In figure 4, we can see that the teacher, acting in the role of instructor, uses various tools to develop students' technical skills (object), producing technologically literate students (outcome) in a context in which the teacher exercises a high degree of control over behavioural rules. The production of 'technologically literate students' is the actual outcome of this episode, rather than the intended outcome. As this is a computer-based mathematics episode, the teacher's intended15 object of the episode is the development of students' mathematical understanding and, hence the production of mathematically literate students.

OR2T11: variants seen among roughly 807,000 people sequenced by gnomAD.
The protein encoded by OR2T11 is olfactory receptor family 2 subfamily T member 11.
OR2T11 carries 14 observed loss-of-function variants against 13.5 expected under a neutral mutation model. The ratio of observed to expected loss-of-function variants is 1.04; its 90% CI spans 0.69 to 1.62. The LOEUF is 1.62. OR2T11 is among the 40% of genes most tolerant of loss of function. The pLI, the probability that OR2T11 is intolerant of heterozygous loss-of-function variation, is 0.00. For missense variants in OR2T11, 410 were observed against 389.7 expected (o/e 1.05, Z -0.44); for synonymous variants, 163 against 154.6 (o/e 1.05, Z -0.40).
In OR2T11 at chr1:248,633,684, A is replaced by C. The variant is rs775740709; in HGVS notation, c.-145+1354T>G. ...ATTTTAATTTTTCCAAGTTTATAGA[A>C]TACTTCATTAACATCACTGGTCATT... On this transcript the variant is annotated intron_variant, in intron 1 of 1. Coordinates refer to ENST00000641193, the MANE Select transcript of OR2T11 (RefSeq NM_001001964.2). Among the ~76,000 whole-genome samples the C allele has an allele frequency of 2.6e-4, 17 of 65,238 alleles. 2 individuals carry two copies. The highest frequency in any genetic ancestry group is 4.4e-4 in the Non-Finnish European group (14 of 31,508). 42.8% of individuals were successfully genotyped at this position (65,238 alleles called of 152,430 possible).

This paper began with two questions: one relates to how a researcher can methodologically track the object of classroom activity and the second, related question, was whether this methodology would enable one to construct a model of the activity system of a computer -based mathematics lesson. Activity theory is a developing body of knowledge, in which ideas and concepts continue to be debated and empirically tested. One of the most conceptually contested areas of AT is its notion of the 'object' of activity. The interventionist use of AT as a theory capable of articulating and driving change currently dominates the literature. In this paper, I have argued for the use of AT as a tool for analysing observational data at the level of the classroom by elaborating the notion of evaluative episodes as those pedagogical moments in which the previously invisible rules of engagement are made visible, which in turn, surfaces the object of acquisition. Findings indicate that evaluative episodes provide a window into the unfolding activity system of the classroom, a microcosm if you will, of the overall system. By enabling the researcher to temporarily freeze the unfolding system, evaluative episodes allow us to construct a model of activity in the computer-based mathematics lesson, illustrating how a tightening of the rules in the computer lesson mediates the teacher's selection of tools (in this case a reliance on talk and the computer) which in turn impacts on the kind of object the teacher acts on in this lesson (children's technical skills).